Helen Konek is 88 years old now and living in a elders home in Arviat – she has dementia but knows enough to remember family names and some stories of her life in the past. This particular photo of her went viral on Twitter, with 28 million views, 50 thousand retweets and 500 thousand likes. It was quite the surprise to get so much attention over this photo and up to date we are still trying to understand what it is about this photo that makes it viral, but here are some clues we have on why it might have gone viral.
Photo shoot day with Richard Harrington My grandmother also known as Agaaqtoq (Inuktitut name), says she remembers when a white man came to their camp in a dog team. In 1949, most Inuit were still living in Igloos during the winter and caribou hide tents during the summer before moving into settlements later in the 1960/1970s. But Agaaqtoq says when the white man came, her parents welcomed him into their home. After the photo went viral I asked her for the story behind this photo, she didn’t remember the man’s name but it was Richard Harrington, a famous Canadian photographer known for his work between 1948 and 1953. Agaaqtoq says Harrington had asked if her family can dress in their traditional clothes for the photoshoot, it’s what they understood at least, because they didn’t understand each other, Harrington spoke English and my grandmother’s family spoke Inuktitut. But grandmother says Harrington gave directions for the photoshoot during that day.
An image of power – People from around the world were tweeting and messaging me on my twitter @JordanKonek telling me why they liked the photo, many of whom were saying “Her face speaks power, confidence, and leadership”. It makes sense in many ways, especially growing up with her as my grandmother and teacher of life skills in general. In my family of 16 altogether in Arviat, we all had to work as a team and follow orders from my grandmother and grandfather James Konek. If my uncles came home with 6 caribou to feed the family, my grandmother called all her kids and grandkids to come and help. At times we didn’t like going there because we knew we had to do physical hard work. Not only that we had to do the work all day and the next day as a group until the work is done. My grandparents kept the family together and made sure we all ate as a family and stay connected between each other regularly. It makes a lot of sense that people saw power in her, but she was also the nicest person and most loving to all her kids and grandkids. Every Christmas time she would buy every single one of us a gift even if it was something small. As they got older and started aging and couldn’t work anymore, my grandmother was still out every single morning. She started her day kneeling down in front of the porch outside at 6am to pray for her family, light a cigarette then clean up outside the house. Grandma would also have leftover food saved for the neighbours dogs to feed them and also had some food to feed for the birds. It was her that knew how to be kinds but also be confident and show leadership to my family as a kid.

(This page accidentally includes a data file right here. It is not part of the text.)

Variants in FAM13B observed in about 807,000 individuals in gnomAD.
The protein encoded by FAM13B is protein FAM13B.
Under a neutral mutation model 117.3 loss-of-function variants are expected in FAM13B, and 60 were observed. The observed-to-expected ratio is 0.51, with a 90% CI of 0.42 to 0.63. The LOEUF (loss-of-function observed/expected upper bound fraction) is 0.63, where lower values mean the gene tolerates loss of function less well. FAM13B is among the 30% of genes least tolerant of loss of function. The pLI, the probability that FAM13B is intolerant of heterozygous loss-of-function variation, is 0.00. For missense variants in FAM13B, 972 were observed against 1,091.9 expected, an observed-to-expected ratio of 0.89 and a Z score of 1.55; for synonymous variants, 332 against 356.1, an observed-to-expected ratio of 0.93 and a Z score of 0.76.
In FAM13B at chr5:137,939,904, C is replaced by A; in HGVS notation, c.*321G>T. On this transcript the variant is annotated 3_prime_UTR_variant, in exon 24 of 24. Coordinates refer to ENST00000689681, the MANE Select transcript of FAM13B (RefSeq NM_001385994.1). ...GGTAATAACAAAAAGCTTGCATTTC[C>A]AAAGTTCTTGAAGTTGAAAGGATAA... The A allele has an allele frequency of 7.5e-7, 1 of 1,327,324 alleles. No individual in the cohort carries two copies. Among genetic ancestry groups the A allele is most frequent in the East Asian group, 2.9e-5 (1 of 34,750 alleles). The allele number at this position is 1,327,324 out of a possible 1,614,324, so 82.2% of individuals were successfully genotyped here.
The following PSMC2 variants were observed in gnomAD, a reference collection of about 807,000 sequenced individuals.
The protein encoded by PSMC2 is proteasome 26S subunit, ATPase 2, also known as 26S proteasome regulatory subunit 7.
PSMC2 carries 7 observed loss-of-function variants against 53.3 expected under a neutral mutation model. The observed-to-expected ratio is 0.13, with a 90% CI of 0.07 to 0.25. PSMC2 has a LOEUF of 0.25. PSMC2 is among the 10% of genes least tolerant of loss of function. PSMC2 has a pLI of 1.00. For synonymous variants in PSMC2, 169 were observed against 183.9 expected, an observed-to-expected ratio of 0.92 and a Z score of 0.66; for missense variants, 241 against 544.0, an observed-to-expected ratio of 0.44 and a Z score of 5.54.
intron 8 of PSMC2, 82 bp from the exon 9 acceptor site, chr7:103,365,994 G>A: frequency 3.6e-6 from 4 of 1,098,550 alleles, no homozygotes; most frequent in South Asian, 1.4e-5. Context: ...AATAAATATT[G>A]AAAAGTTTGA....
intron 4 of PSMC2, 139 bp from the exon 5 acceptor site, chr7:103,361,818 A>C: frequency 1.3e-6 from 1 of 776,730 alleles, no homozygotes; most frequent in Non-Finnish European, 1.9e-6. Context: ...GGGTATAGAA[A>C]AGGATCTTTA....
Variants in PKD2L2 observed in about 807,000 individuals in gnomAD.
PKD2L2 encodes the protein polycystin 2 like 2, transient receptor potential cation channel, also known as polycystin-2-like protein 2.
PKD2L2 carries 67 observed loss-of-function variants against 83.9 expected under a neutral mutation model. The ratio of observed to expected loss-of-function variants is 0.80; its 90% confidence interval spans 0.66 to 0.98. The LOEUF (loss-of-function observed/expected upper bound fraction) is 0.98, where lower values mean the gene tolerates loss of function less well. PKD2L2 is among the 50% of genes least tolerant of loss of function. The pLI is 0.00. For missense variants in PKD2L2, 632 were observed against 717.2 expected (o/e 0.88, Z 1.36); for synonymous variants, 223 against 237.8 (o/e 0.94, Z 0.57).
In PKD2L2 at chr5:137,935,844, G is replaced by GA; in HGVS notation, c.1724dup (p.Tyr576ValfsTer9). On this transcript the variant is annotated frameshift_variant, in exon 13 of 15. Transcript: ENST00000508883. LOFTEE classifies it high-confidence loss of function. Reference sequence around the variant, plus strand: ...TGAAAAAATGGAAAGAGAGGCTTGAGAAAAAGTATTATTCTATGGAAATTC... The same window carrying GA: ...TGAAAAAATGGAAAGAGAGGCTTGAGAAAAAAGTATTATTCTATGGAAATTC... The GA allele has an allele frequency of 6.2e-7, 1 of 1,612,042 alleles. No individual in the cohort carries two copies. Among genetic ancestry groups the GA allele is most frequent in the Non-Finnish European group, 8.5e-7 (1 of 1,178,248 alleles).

An very large igloo It’s no surprise when Inuit go down south for medical and Southerners ask if Inuit still live in Igloos and no we do not live in igloos anymore. Many people on twitter were also asking me questions about the igloo and said they shared the it because of how amazed they were by the size of it, grandma says her dad used to build really large igloos for his large family. The igloos were built to have a space in the front, like a porch where their food would be stored to make space and keep them frozen because the larger part is as warm as any house today. So the porch was big but a little smaller for cold storage, but it also had another little room where they used it as washroom. In the image that shows my grandma walking into their igloo is stairs that show how she said her dad build igloos, he would dig down the snow and make stairs to make a warm home. That is where the photo was taken in their porch as she walked in.